A House Homeland Security subcommittee meets Wednesday to discuss "Working with Communities to Disrupt Terror Plots." It's a great idea, and the kind of study the Subcommittee on Intelligence, Information Sharing and Terrorism Risk Assessment should undertake. Looking at the witness list, however, shows that the committee is seeking input from a narrow viewpoint – one that is sympathetic to Islamist extremist organizations here in America.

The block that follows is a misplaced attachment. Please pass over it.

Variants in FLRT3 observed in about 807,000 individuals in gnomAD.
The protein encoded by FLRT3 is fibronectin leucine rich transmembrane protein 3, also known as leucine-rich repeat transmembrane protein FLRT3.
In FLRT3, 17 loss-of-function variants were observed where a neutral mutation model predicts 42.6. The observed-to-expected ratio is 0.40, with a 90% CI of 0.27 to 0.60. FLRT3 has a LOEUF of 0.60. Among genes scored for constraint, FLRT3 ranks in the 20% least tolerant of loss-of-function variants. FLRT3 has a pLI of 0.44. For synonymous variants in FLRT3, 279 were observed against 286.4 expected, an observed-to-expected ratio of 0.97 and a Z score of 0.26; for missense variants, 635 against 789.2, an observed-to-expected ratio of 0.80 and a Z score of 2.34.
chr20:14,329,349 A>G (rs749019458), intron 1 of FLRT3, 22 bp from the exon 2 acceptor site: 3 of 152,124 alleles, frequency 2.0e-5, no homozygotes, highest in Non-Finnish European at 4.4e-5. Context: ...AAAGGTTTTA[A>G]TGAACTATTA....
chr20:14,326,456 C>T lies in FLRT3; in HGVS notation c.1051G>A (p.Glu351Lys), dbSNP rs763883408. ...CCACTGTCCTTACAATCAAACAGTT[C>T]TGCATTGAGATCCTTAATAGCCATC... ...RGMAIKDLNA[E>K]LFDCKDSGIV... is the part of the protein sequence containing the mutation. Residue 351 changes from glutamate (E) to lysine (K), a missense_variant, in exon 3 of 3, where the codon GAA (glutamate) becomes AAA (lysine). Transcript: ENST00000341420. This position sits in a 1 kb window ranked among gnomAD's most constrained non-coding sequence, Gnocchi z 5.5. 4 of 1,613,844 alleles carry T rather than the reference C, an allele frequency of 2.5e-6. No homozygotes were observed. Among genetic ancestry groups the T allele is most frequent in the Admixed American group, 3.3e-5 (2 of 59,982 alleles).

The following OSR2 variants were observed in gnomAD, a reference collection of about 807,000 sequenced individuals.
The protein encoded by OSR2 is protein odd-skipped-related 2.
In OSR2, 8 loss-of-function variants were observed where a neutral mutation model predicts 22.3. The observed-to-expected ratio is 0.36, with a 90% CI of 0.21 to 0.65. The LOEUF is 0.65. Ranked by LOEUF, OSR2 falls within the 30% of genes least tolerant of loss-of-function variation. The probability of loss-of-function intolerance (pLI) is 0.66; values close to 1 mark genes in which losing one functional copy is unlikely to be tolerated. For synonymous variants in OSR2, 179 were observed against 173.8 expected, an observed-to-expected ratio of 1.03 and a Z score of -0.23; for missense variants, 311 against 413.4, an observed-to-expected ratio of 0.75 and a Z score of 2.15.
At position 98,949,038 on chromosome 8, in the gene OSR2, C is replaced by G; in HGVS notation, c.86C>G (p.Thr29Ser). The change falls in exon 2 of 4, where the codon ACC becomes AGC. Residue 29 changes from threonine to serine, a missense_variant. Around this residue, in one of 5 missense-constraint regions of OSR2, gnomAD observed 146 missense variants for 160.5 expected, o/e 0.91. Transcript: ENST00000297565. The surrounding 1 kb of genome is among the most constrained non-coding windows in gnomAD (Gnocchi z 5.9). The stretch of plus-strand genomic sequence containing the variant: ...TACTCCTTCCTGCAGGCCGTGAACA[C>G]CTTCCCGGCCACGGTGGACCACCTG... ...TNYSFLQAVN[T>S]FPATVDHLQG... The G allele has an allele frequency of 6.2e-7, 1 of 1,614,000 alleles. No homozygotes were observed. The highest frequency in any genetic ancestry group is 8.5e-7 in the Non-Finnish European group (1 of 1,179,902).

Like any religious and ethnic group, American Muslims hold a wide range of viewpoints about their faith, the role it should play in secular society, and ways to strike a comfortable balance. Nearly all the witnesses share a history of interaction with national Islamist groups – those that seek to infuse a religious ideology into the political debate – while contrary points of view are not given a seat at the table.
Even the law enforcement and research oriented witnesses have a history of working closely with groups like the Council on American-Islamic Relations (CAIR) and the Islamic Society of North America, each of which have ties to the Muslim Brotherhood.